With ASEAN integration looming, Cambodia’s tourism sector is both optimistic and cautious about what it means for an industry that has witnessed unprecedented growth over the last few years.
Ho Vandy, co-chair of the private sector and government working group on tourism, believes that large tourism companies will benefit from the change, while “small businesses are likely to need more time to adapt themselves to the new environment.”
It will be like a new season for companies or individuals with sufficient resources and proper experience, he said.
When ASEAN integration arrives, citizens of the 10 ASEAN countries will be able to travel without using visas, including some international visitors. This will be a boon to tourism as more visitors will come, making the tourism sector an important part for each country’s economy in the ASEAN region.
“In my experience, no one can move or travel without spending money. For example, all visitors need services or means of travelling from one place to another. They need food, accommodation and services at resorts, as well. The money spent will fall in the hands of many people directly and indirectly,” he said.
“We had hoped over the past few years that Cambodia would get a lot of tourists from ASEAN countries adjacent to the country, such as from Vietnam, Laos and Thailand, since the short distance of borders made it easy for people to travel by land,” said Kong Sophearak, director general of the department of statistics in the Ministry of Tourism.
According to a report from the Ministry of Tourism, Vietnamese tourists were the most frequent visitors to Cambodia in the first quarter of 2015, with 225,600 visitors arriving in Cambodia compared to 189,816 visitors in the same period of 2014 – an increase of 18.9 per cent. China had the second highest number of visitors to Cambodia, with 187,126 visitors in the first quarter of 2015 compared to 162,868 from the same period as 2014 – an increase of 14.9 per cent.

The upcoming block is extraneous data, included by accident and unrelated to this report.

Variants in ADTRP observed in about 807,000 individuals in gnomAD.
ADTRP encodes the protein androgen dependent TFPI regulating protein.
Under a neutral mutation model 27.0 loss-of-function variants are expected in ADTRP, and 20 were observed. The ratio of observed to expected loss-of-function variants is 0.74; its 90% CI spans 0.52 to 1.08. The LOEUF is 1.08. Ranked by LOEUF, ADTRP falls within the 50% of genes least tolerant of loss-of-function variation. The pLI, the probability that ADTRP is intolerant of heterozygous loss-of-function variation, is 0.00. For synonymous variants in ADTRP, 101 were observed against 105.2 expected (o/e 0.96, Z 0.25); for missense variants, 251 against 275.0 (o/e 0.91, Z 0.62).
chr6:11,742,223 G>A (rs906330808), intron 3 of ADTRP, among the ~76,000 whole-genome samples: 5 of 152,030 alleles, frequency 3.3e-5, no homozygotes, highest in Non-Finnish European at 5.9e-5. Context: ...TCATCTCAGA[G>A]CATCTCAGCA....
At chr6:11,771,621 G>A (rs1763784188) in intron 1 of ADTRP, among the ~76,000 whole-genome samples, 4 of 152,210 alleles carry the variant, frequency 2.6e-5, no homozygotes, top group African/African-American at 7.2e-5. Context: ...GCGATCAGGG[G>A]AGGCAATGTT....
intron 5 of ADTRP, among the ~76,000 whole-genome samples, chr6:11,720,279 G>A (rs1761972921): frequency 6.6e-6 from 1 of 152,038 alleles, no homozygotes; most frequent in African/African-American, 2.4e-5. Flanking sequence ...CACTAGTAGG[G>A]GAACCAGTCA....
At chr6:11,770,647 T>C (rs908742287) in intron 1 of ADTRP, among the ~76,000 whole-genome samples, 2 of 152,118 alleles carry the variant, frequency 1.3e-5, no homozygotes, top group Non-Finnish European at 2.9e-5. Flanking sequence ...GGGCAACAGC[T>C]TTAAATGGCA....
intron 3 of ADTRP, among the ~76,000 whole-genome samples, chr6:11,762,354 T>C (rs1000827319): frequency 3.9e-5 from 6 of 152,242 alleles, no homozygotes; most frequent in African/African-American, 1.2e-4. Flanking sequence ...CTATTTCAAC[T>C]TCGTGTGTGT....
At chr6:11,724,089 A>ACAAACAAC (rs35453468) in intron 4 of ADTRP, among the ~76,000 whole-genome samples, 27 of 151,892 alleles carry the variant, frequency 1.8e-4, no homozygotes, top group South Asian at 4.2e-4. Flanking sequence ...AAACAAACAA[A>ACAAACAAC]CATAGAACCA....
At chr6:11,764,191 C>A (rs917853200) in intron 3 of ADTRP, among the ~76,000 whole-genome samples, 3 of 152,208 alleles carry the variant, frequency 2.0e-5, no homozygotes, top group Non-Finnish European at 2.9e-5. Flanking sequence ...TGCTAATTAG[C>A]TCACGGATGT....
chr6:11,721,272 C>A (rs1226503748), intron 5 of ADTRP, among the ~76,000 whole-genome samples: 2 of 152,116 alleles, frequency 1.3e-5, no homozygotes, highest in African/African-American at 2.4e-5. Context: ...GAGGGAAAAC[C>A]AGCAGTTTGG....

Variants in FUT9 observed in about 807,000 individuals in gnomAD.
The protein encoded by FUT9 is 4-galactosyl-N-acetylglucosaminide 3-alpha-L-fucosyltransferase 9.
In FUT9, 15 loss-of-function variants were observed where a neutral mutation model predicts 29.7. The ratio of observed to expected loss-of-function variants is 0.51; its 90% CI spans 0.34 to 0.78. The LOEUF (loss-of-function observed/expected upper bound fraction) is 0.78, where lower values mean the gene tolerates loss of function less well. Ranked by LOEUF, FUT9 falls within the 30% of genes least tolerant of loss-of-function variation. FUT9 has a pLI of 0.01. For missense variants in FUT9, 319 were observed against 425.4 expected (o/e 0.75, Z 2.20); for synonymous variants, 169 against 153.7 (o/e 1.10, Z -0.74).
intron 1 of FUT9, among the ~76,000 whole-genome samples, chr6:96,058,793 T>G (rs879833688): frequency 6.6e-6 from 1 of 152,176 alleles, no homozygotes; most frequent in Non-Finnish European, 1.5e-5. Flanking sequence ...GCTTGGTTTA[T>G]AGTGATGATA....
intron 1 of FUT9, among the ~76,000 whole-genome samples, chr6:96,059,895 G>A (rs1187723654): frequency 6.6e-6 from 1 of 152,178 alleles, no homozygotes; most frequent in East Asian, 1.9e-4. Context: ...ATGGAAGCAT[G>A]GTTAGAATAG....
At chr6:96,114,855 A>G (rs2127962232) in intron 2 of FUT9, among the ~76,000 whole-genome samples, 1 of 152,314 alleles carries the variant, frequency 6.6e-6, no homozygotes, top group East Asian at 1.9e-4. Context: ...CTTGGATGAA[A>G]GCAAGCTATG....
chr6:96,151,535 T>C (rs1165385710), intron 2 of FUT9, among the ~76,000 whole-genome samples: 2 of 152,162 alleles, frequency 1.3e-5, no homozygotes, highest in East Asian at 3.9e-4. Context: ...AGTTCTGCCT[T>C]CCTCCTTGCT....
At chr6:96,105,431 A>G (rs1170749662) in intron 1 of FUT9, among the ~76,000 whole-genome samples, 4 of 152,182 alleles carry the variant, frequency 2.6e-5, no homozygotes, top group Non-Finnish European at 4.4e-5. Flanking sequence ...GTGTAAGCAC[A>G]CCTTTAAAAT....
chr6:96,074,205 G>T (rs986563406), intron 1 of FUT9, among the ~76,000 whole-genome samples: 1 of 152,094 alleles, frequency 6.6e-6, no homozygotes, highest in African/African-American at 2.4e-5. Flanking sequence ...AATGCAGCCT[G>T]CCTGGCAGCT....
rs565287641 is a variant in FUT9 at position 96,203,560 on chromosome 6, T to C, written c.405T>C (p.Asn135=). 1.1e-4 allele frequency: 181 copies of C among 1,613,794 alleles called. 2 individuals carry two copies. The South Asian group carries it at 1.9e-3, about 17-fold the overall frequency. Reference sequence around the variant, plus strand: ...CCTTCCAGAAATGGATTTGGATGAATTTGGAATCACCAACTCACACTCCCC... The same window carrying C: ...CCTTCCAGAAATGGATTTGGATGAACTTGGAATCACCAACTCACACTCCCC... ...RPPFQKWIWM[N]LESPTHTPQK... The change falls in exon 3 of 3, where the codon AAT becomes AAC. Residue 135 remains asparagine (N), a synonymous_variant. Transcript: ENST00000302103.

By contrast, the number of tourist coming from South Korea dropped by 10 per cent, from 177,716 visitors in 2014 to 159,897 this year.
Sophearak said that over the past few years, large travel agencies in ASEAN countries have attracted tourists with holiday packages, highlighting a trip to Angkor Wat. The temple complex has been a major draw for ASEAN tourists as well as those from other countries.
However, there are other sites in Cambodia popular for tourists beyond Angkor Wat. They include Phnom Penh and surrounding provinces, the beautiful, natural coastlines of the southwest and ecotourism areas in the northeast of the Kingdom.
“Our services were friendly and gentle, with good accommodations, which are cheaper than neighboring countries. Food prices were also reasonable and there was a lot of security to ensure safety,” said Sophearak.
However, he also acknowledged challenges including the lack of road infrastructure in Cambodia and how badly it compares to other ASEAN countries. “We have some difficulty travelling from one destination to another,” he said.
In terms of the flow of tourists into the ASEAN region, Sopheareak said, “In the future, when ASEAN highways are well connected, including Cambodia, we will receive an even bigger flow of tourist from ASEAN countries.”
However, Vandy is concerned that with more arrivals, “Cambodia has to ensure good governance for its resorts, especially around the Angkor area, and satellite areas must be 100 per cent safe – including infrastructure, good environment and service provision from professional stakeholders, with responsibility to every tourist.”